Isbrandtsen-Moller Co. v. United States, 14 F. Supp. 407 (S.D.N.Y. 1936)

U.S. District Court for the Southern District of New York - 14 F. Supp. 407 (S.D.N.Y. 1936)
April 8, 1936

14 F. Supp. 407 (1936)

ISBRANDTSEN-MOLLER CO., Inc.,
v.
UNITED STATES et al.

District Court, S. D. New York.

April 8, 1936.

*408 *409 *410 Davis, Polk, Wardwell, Gardiner & Reed, of New York City, for complainant.

Lamar Hardy, U. S. Atty., of New York City (John F. Davidson, Asst. U. S. Atty., of New York City, Ralph H. Hallett, Asst. Counsel, Department of Commerce of Washington, D. C., and Richard J. Burke, Sp. Asst. to U. S. Atty., of New York City, of counsel), for defendants.

Before CHASE, Circuit Judge, and BONDY and PATTERSON, District Judges.

CHASE, Circuit Judge (after stating the facts as above).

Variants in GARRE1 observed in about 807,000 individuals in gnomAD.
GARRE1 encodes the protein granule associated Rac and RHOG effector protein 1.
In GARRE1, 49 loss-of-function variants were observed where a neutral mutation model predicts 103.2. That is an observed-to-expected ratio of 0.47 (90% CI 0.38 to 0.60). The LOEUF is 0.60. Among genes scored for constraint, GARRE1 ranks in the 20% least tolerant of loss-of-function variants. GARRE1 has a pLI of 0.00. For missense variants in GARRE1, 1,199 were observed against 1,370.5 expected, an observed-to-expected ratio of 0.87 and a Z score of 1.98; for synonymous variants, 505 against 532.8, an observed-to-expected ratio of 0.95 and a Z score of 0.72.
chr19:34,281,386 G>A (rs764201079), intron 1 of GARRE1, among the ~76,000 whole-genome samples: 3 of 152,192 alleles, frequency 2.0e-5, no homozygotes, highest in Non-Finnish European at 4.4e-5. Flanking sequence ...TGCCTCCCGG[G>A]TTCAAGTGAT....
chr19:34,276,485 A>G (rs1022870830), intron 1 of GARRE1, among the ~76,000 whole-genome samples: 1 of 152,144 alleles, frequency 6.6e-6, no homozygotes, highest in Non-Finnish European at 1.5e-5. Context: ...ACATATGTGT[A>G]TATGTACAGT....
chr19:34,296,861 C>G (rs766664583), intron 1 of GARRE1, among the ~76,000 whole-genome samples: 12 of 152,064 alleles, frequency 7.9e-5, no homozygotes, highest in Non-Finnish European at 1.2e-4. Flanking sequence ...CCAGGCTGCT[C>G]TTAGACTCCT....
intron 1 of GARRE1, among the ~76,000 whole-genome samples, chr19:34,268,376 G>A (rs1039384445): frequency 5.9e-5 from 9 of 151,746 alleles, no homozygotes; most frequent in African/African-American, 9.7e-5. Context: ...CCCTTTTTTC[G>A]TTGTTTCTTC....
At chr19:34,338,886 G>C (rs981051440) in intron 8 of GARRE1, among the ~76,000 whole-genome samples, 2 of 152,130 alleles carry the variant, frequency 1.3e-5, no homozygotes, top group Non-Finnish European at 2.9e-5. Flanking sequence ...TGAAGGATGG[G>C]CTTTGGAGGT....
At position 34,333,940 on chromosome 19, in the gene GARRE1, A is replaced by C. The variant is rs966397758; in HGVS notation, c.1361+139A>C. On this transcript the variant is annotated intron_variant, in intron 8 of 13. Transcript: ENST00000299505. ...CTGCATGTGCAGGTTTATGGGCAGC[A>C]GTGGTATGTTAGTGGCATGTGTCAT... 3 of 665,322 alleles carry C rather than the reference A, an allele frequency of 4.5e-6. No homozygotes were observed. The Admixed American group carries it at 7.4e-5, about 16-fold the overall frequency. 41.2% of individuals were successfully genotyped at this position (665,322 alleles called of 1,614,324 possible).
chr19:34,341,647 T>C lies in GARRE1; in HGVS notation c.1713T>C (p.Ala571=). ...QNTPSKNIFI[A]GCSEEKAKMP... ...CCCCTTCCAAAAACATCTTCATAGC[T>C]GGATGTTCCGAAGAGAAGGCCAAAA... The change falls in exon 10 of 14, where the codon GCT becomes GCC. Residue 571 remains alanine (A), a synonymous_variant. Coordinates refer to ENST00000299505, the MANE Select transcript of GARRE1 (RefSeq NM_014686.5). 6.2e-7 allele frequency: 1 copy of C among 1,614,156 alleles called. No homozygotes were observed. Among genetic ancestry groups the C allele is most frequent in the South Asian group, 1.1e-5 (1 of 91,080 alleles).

The service upon the defendants who have appeared specially was not made within the Southern District of New York, but instead within the District of Columbia. That is the real ground of the motion to *411 quash. But it is clear that this court has jurisdiction over the subject-matter of the cause of action and that as the complainant resides within the Southern District of New York the venue is in accordance with the provisions of 28 U.S.C.A. § 43. And section 44 of the same title provides that in cases of the class in which this one falls "the orders, writs, and processes of the district courts may in these cases run, be served, and be returnable anywhere in the United States." These sections related to suits in regard to orders of the Interstate Commerce Commission, and by section 31 of the Shipping Act of 1916 (46 U.S.C.A. § 830) were made to apply to similar suits relating to orders of the Shipping Board. Hence the service upon those defendants in the District of Columbia was good and the issue on their motion is narrowed to whether or not they are proper parties. This in turn depends upon whether they have any interest in the cause of action.